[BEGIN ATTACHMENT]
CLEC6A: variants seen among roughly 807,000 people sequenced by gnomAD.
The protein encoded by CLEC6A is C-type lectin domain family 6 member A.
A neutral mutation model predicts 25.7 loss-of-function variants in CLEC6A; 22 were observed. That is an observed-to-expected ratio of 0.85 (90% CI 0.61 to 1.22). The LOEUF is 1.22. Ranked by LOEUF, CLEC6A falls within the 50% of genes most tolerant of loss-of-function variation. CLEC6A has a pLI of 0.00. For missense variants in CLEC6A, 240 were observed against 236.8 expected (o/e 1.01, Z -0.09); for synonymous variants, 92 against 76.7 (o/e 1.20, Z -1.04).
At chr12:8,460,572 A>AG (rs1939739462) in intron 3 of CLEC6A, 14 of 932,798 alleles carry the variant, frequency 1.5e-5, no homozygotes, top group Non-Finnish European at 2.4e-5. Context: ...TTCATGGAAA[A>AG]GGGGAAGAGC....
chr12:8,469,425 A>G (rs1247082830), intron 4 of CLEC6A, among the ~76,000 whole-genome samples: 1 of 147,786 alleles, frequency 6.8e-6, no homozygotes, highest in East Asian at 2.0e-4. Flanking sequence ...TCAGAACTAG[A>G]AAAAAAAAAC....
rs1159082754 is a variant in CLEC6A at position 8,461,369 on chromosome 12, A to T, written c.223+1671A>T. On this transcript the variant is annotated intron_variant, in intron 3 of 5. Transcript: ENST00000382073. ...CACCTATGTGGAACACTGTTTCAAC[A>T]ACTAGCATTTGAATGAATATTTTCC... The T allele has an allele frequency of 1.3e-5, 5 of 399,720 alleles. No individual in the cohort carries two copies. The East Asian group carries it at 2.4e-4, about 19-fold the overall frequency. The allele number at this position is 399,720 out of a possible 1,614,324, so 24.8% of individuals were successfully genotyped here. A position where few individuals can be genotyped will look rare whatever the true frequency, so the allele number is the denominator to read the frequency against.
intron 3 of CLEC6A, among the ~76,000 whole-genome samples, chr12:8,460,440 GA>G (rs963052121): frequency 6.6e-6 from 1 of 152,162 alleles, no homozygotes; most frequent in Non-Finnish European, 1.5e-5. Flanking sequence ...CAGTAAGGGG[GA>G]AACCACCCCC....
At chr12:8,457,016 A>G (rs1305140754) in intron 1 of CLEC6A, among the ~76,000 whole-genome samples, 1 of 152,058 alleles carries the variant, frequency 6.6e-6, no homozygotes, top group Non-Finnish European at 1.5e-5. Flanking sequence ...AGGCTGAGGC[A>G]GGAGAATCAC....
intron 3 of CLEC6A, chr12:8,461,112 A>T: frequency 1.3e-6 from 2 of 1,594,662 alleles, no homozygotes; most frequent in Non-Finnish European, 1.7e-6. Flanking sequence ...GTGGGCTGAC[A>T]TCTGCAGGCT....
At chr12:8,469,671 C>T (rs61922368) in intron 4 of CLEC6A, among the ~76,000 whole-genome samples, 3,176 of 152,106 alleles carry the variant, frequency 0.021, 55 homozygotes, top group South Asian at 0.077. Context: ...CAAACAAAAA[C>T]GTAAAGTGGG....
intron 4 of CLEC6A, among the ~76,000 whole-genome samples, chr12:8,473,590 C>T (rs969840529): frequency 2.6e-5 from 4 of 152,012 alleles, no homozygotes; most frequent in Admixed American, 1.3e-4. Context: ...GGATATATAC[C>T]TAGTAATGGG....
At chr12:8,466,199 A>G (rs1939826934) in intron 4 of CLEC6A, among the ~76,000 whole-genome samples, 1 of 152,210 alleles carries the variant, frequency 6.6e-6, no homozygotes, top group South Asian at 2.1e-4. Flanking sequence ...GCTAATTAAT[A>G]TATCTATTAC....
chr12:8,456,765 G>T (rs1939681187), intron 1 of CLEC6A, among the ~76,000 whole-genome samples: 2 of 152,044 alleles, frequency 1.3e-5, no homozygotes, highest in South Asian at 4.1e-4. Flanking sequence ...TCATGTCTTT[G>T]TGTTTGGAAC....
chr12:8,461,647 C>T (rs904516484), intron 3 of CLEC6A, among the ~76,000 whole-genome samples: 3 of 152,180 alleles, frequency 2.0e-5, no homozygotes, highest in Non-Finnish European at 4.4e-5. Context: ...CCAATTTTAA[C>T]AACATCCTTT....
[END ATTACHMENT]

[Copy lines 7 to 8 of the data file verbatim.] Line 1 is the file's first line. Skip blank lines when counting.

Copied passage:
intron 3 of CLEC6A, among the ~76,000 whole-genome samples, chr12:8,460,440 GA>G (rs963052121): frequency 6.6e-6 from 1 of 152,162 alleles, no homozygotes; most frequent in Non-Finnish European, 1.5e-5. Flanking sequence ...CAGTAAGGGG[GA>G]AACCACCCCC....
At chr12:8,457,016 A>G (rs1305140754) in intron 1 of CLEC6A, among the ~76,000 whole-genome samples, 1 of 152,058 alleles carries the variant, frequency 6.6e-6, no homozygotes, top group Non-Finnish European at 1.5e-5. Flanking sequence ...AGGCTGAGGC[A>G]GGAGAATCAC....